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- Executive summary
- Background: Species information
- Background: Distribution and Population
- Background: Species' needs
- Threats: Overview and Threats assessment
- Table 2: Detailed threats assessment
- Threats: Habitat Loss and Pollution
- Knowledge Gaps
- Species Recovery
- References and Glossary
5. SPECIES RECOVERY
In addition to describing the species and threats to its survival or recovery, species recovery planning must consider:
- the biological and technical feasibility of recovery;
- an appropriate long term goal for the species recovery;
- recovery objectives for the species;
- strategies to address identified threats and to guide appropriate research, and management activities needed to meet the identified recovery objectives;
- identification of critical habitat or studies to identify such;
- potential effects on non-target species;
- actions already completed or currently underway;
- evaluation and performance of the recovery strategy; and
- the development of action plans.
A recovery strategy for the western silvery minnow described in these terms is provided below:
5.1 Recovery Feasibility
The following criteria and analyses were used to evaluate the biological and technical feasibility of recovery for the carmine shiner.
Reproductive Potential: There is currently no impediment to the reproductive potential of the western silvery minnow populations in Canada. Viable populations exist within the lower Milk River where the species has been documented since 1961. Despite its apparently limited distribution there is no evidence that the distribution and/or abundance of the western silvery minnow is declining or has declined in recent years. One important consideration for the species persistence in Canada is its continuous distribution south of the international border to the Fresno Reservoir. Currently, there are no barriers upstream of the reservoir to prevent fish movement across the border and interchange between Alberta and Montana populations may be an important consideration in recovery planning. Upstream migration could have a rescue effect on Canadian populations. Whereas, if downstream migration occurs, fish found in Canada might be exposed to threats in Montana, which currently does not protect the western silvery minnow or recognize it as a species at risk.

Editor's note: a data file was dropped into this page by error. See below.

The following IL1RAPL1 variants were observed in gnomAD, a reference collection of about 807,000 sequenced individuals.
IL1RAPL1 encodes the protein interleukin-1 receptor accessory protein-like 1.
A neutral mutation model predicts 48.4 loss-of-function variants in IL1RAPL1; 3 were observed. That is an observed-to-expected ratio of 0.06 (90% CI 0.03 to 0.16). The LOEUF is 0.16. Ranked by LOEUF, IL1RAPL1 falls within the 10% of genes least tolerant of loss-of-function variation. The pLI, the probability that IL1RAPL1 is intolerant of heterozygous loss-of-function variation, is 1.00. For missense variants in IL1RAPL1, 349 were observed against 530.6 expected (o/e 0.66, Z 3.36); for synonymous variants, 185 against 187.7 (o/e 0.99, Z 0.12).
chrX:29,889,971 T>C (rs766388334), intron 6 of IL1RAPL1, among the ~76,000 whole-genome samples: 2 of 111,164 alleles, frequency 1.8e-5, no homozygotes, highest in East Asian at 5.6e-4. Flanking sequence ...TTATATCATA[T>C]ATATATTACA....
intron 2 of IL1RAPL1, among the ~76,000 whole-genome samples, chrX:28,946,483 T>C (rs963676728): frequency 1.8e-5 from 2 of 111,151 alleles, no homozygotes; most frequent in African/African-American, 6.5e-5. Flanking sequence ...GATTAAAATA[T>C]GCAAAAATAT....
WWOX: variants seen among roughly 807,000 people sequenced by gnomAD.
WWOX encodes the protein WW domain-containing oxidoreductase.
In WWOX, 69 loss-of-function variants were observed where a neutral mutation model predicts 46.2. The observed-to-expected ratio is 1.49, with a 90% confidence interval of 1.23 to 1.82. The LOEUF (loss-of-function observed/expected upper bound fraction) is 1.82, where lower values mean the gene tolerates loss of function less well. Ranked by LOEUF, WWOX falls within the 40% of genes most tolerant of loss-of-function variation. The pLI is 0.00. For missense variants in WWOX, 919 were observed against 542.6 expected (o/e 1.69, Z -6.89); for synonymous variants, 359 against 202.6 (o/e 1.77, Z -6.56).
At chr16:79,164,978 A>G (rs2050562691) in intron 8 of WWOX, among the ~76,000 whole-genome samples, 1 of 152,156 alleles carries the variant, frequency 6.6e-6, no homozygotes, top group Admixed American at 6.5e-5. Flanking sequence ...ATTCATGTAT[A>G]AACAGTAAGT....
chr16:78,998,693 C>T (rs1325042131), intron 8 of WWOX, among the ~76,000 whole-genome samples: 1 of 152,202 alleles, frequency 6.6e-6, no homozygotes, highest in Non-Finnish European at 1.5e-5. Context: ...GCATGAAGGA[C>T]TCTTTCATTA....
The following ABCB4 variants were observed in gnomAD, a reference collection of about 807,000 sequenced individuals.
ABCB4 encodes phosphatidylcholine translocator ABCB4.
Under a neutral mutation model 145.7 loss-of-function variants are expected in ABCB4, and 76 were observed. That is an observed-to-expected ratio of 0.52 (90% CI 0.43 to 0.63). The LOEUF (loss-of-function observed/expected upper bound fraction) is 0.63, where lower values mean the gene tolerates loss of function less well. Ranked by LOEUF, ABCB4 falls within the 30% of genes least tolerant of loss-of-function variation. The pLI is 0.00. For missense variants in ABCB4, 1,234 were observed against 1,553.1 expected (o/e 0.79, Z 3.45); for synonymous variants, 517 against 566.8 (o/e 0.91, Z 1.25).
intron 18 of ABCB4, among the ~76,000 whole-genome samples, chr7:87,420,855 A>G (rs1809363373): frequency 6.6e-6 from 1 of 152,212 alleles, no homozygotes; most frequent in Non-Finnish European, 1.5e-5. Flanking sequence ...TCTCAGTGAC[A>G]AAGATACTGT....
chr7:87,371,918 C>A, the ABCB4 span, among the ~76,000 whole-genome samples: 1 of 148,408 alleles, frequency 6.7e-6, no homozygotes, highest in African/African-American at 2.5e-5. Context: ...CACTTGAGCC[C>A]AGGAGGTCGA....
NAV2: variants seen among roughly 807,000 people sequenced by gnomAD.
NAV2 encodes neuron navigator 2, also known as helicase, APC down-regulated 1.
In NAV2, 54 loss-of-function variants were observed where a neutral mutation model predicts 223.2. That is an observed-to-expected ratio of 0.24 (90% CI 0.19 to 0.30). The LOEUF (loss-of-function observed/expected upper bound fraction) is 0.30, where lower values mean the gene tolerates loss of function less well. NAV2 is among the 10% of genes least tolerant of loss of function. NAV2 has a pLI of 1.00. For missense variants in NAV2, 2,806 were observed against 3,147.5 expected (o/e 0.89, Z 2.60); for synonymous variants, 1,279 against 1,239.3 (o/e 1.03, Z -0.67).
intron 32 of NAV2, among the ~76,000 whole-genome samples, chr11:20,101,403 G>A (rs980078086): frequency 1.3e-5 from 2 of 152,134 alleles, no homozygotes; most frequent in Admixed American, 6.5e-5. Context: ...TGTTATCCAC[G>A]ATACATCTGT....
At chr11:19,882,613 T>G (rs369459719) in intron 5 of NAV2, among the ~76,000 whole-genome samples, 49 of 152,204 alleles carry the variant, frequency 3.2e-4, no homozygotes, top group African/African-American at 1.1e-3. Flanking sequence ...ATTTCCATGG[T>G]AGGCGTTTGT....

Habitat Availability: The occurrence of viable populations documented over a number of years from the lower Milk River suggests that there is adequate habitat to support all life stages for the species at least in these locations. Habitat availability is currently not limiting for maintenance of the species.
Threat Mitigation: The potential for mitigating threats identified for the western silvery minnow (Section 3,Table 2) ranges from low to moderate, except for livestock access and scientific sampling, for which the mitigation potential is high. At present, the latter are not believed to be influencing the species’ survival; the future impacts of climate change remain speculative. While future species introductions may have the potential to disrupt Alberta’s western silvery minnow populations, these impacts may be avoided by applying appropriate regulatory controls and management actions to prevent inadvertent introductions. The potential impact from most of the habitat related threats may also be reduced, or eliminated, if appropriate regulatory reviews and management actions are exercised, and best management practices are applied to existing or proposed projects. There are viable populations within the lower Milk River in Canada and downstream in the United States. Conservation and threat mitigation efforts targeted at these populations should be able to secure and maintain their continued viability. Threat mitigation may be complicated in some instances by the fact that Montana controls the flows diverted through the St. Mary Canal, subject to the provisions of the 1909 Boundary Waters Treaty and administration by the IJC. Changes in flow conditions could influence potential recovery options, and recovery options should influence future recommended changes in flow regimes. Continued international cooperation is crucial on trans-boundary issues. Overall, the identified threats are not likely to impede the survival or recovery of the species. However, any improvement in our knowledge base for the species would improve our understanding of the potential impact of threats to it, and of the efficacy of any proposed mitigation measures.
Technical Capabilities: The techniques likely to be contemplated for the conservation of the western silvery minnow populations are well founded in current science and management practices. Given the relative abundance of the species within its limited distribution, the focus of recovery efforts should be on the mitigation of habitat impacts and the exclusion of unwanted species. The technical knowledge on how to deal with potential habitat impacts is well documented and applied globally. The avoidance of species introductions is best afforded through public education and management programs, both of which are entirely within the competency of the responsible jurisdictions. No impediments to the recovery of the western silvery minnow have been identified by any of the responsible agencies.
Biological and Technical Feasibility: Given the above analysis, recovery of the western silvery minnow is deemed to be biologically and technically feasible.
5.2 Recovery Goal
No evidence to date suggests that the Milk River population of western silvery minnow has suffered a serious decline or that the range has been reduced significantly since it was first identified in the Milk River. The population appears to persist naturally in this single Canadian location. Given its limited distribution, the species may always be at some level of risk. The focus of recovery planning should be to ensure a self-sustaining population by reducing or eliminating existing threats. Given that population numbers and habitat do not appear to require recovery or restoration, a conservation approach based on protecting and maintaining existing populations and their habitats is recommended. As such, the recovery goal for the western silvery minnow is: